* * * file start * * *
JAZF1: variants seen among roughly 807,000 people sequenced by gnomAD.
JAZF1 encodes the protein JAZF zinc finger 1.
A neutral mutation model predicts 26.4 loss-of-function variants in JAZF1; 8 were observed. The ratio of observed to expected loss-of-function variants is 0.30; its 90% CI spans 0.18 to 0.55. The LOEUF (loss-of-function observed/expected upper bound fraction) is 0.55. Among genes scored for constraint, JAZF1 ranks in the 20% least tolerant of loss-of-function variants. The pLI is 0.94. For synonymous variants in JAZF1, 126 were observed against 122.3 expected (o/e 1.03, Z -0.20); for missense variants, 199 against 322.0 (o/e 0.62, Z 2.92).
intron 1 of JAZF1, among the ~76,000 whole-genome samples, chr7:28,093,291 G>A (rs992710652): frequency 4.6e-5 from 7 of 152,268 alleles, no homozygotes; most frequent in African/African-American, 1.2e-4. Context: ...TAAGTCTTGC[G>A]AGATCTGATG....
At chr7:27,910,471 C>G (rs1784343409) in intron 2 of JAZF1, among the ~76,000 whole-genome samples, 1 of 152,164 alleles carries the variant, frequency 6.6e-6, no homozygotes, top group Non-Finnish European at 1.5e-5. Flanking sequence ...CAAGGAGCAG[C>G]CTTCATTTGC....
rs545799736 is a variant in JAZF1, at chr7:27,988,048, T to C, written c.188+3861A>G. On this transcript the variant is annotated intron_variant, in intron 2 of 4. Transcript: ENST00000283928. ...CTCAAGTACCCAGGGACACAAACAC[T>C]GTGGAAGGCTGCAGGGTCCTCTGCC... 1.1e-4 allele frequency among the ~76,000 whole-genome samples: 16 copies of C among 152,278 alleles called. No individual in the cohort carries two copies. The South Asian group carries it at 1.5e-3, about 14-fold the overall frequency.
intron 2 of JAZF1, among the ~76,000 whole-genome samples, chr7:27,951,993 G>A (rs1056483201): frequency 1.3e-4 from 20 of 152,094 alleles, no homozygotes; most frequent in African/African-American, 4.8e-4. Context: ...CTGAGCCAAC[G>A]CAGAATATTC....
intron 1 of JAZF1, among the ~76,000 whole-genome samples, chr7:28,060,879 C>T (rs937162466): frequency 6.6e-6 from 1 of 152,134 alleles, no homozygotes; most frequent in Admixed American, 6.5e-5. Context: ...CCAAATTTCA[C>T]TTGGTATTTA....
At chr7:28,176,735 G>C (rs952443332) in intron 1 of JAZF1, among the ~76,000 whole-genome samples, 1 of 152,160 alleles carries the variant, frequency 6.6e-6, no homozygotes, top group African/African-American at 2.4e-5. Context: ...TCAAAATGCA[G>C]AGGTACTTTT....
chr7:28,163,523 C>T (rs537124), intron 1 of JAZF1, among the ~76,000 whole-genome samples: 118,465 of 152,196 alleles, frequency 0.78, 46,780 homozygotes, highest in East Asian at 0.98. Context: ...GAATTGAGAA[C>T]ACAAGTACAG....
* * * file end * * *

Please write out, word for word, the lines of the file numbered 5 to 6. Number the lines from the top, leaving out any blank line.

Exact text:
At chr7:27,910,471 C>G (rs1784343409) in intron 2 of JAZF1, among the ~76,000 whole-genome samples, 1 of 152,164 alleles carries the variant, frequency 6.6e-6, no homozygotes, top group Non-Finnish European at 1.5e-5. Flanking sequence ...CAAGGAGCAG[C>G]CTTCATTTGC....
rs545799736 is a variant in JAZF1, at chr7:27,988,048, T to C, written c.188+3861A>G. On this transcript the variant is annotated intron_variant, in intron 2 of 4. Transcript: ENST00000283928. ...CTCAAGTACCCAGGGACACAAACAC[T>C]GTGGAAGGCTGCAGGGTCCTCTGCC... 1.1e-4 allele frequency among the ~76,000 whole-genome samples: 16 copies of C among 152,278 alleles called. No individual in the cohort carries two copies. The South Asian group carries it at 1.5e-3, about 14-fold the overall frequency.